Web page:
The International Space Station (ISS) is a complex built environment physically isolated from Earth. Assessing the interplay between the microbial community of the ISS and its crew is important for preventing biomedical and structural complications for long term human spaceflight missions. In this study, we describe one crewmember's microbial profile from body swabs of mouth, nose, ear, skin and saliva that were collected at eight different time points pre-, during and post-flight. Additionally, environmental surface samples from eight different habitable locations in the ISS were collected from two flights. Environmental samples from one flight were collected by the crewmember and samples from the next flight were collected after the crewmember departed. The microbial composition in both environment and crewmember samples was measured using shotgun metagenomic sequencing and processed using the Livermore Metagenomics Analysis Toolkit. Ordination of sample to sample distances showed that of the eight crew body sites analyzed, skin, nostril, and ear samples are more similar in microbial composition to the ISS surfaces than mouth and saliva samples; and that the microbial composition of the crewmember's skin samples are more closely related to the ISS surface samples collected by the crewmember on the same flight than ISS surface samples collected by other crewmembers on different flights. In these collections, species alpha diversity in saliva samples appears to decrease during flight and rebound after returning to Earth. This is the first study to compare the ISS microbiome to a crewmember's microbiome via shotgun metagenomic sequencing. We observed that the microbiome of the surfaces inside the ISS resemble those of the crew's skin. These data support future crew and ISS microbial surveillance efforts and the design of preventive measures to maintain crew habitat onboard spacecraft destined for long term space travel.


Assuntos
Astronautas , Sistemas Ecológicos Fechados , Microbiota/genética , Voo Espacial/instrumentação , Astronave , DNA Bacteriano/genética , DNA Bacteriano/isolamento & purificação , Monitoramento Ambiental/métodos , Humanos , Metagenoma/genética , Saliva/microbiologia , Pele/microbiologia , Fatores de Tempo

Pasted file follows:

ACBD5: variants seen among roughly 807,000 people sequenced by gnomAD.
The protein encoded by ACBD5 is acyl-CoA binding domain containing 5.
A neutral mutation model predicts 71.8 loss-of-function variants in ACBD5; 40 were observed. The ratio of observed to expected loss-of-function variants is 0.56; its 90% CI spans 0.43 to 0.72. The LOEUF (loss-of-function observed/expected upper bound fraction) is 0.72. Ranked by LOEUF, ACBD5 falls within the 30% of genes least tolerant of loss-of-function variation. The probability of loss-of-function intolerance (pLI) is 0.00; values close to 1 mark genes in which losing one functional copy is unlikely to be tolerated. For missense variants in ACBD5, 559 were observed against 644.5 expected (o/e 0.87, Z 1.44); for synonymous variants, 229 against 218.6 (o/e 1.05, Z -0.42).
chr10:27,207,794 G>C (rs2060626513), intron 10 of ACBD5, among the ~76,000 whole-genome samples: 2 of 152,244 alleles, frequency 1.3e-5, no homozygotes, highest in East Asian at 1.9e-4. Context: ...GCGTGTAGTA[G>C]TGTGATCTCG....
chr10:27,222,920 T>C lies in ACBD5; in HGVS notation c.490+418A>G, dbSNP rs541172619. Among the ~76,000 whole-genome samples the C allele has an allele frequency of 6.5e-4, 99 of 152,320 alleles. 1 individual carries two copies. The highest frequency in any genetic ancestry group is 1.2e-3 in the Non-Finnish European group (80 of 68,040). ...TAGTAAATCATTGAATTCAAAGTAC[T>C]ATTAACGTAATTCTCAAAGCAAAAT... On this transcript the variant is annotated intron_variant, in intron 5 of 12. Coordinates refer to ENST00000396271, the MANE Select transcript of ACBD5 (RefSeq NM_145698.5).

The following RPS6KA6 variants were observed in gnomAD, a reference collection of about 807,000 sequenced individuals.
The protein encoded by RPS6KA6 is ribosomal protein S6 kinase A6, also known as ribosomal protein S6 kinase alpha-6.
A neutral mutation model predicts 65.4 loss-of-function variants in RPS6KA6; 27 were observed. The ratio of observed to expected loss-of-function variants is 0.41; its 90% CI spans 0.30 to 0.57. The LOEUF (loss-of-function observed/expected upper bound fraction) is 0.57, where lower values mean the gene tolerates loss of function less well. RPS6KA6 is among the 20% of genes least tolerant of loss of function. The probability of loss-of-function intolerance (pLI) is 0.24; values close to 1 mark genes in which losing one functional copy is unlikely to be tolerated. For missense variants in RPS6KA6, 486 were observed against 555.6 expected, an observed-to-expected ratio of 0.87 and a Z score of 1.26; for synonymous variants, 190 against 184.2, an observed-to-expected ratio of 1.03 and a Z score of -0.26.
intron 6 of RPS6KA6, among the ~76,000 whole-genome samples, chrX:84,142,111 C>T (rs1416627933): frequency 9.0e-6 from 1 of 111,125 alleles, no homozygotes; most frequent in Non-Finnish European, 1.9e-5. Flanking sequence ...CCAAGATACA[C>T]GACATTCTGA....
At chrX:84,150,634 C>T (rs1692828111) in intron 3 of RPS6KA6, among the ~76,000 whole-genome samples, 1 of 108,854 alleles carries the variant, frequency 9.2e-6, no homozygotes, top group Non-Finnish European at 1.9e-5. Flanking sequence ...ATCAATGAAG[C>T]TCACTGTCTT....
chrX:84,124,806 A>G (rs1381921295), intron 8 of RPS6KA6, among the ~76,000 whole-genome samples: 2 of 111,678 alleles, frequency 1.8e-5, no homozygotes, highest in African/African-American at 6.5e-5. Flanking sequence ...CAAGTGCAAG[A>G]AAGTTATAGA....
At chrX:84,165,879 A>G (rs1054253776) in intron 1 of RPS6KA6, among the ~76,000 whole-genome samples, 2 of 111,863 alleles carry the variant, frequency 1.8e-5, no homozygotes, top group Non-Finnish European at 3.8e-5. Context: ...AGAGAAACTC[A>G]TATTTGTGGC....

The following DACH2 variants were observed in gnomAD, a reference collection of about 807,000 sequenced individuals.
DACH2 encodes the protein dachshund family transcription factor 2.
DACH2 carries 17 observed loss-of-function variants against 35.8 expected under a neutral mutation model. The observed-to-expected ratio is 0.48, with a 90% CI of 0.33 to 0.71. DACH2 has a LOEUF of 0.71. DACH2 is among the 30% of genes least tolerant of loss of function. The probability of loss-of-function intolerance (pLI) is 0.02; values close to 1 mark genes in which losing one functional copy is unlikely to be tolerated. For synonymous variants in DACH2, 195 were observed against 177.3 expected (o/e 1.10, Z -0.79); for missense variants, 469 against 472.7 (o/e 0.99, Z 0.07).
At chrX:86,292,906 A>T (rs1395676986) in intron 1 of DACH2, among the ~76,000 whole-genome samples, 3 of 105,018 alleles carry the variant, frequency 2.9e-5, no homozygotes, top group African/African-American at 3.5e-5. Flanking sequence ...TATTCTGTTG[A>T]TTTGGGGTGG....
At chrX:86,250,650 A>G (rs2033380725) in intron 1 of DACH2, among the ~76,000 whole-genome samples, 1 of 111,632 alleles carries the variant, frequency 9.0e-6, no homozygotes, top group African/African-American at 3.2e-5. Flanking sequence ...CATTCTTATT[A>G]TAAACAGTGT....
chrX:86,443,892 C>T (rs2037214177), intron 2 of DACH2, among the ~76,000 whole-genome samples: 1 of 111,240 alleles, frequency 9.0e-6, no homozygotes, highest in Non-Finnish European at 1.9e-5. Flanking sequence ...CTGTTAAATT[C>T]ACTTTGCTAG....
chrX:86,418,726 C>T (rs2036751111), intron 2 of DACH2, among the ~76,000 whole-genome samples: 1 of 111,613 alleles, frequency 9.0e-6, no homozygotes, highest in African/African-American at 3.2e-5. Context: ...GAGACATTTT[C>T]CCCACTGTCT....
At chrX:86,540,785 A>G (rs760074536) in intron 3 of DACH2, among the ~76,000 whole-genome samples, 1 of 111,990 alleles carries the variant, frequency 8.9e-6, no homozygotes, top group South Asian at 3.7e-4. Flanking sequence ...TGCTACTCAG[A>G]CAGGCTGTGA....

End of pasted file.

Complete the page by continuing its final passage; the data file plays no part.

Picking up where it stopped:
5.
PLoS One ; 15(4): e0228798, 2020.
Artigo em Inglês | MEDLINE | ID: mdl-32330172

RESUMO

OBJECTIVE: This study aimed to investigate salivary levels of Streptococcus mutans (S. mutans) and Lactobacilli, and other salivary indices in subjects wearing clear aligners (CA) in comparison with multibrackets orthodontic appliances (MB). MATERIALS AND METHODS: A sample of 80 participants (46 males and 34 females) was included in the study: 40 subjects (aged 20.4±1.7 years) were treated with CA, and 40 (aged 21.3±1.7 years) were treated with MB. Plaque index (PI), salivary flow, buffering power of saliva, and salivary levels of S. mutans and Lactobacilli were evaluated prior to start of orthodontic treatment (t0), after 3 months (t1) and 6 months (t2). RESULTS: CA patients maintained PI at level 0 over time, while MB participants experienced a statistically significant increasing trend of PI over time. In addition, at t2, 37.5% of MB participants (15 subjects over 40) showed risky salivary levels (CFU/ml>105) of S. mutans (odds ratio = 7.40; 95% C.I. = 1.94-28.25; chi-square = 10.32; p = 0.001) as well as Lactobacilli (odds ratio = 23.40; 95% C.I. = 2.91-188.36; chi-square = 15.31; p = 0.0001). CONCLUSIONS: Comparing all the data, subjects treated with CA achieved lower salivary microbial colonization after 6 months of treatment compared with MB. Different additional strategies for plaque control and salivary microbial colonization must be triggered considering the type of orthodontic appliance.


Assuntos
Índice de Placa Dentária , Lactobacillus/fisiologia , Aparelhos Ortodônticos Fixos , Aparelhos Ortodônticos Removíveis , Saliva/microbiologia , Streptococcus mutans/fisiologia , Contagem de Colônia Microbiana , Feminino , Humanos , Lactobacillus/crescimento & desenvolvimento , Masculino , Streptococcus mutans/crescimento & desenvolvimento , Adulto Jovem
6.
BMC Oral Health ; 20(1): 84, 2020 03 20.
Artigo em Inglês | MEDLINE | ID: mdl-32197614